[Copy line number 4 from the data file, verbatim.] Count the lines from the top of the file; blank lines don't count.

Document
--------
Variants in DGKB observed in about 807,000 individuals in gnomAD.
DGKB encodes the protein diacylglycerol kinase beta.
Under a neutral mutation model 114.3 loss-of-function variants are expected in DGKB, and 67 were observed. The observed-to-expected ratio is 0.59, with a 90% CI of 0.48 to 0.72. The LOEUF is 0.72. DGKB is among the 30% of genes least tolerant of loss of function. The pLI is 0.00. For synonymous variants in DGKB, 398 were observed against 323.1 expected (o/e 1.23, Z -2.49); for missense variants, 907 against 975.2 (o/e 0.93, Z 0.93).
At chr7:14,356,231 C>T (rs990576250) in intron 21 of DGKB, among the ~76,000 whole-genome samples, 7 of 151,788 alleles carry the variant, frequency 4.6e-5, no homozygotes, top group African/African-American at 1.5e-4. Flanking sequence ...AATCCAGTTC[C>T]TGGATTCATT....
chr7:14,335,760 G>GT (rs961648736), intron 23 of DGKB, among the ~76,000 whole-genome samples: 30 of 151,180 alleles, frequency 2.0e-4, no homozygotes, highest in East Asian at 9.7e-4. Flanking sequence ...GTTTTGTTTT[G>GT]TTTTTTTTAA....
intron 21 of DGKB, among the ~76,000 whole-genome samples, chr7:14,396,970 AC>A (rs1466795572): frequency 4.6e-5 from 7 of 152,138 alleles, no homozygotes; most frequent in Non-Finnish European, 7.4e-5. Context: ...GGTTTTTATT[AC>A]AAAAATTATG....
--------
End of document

At chr7:14,356,231 C>T (rs990576250) in intron 21 of DGKB, among the ~76,000 whole-genome samples, 7 of 151,788 alleles carry the variant, frequency 4.6e-5, no homozygotes, top group African/African-American at 1.5e-4. Flanking sequence ...AATCCAGTTC[C>T]TGGATTCATT....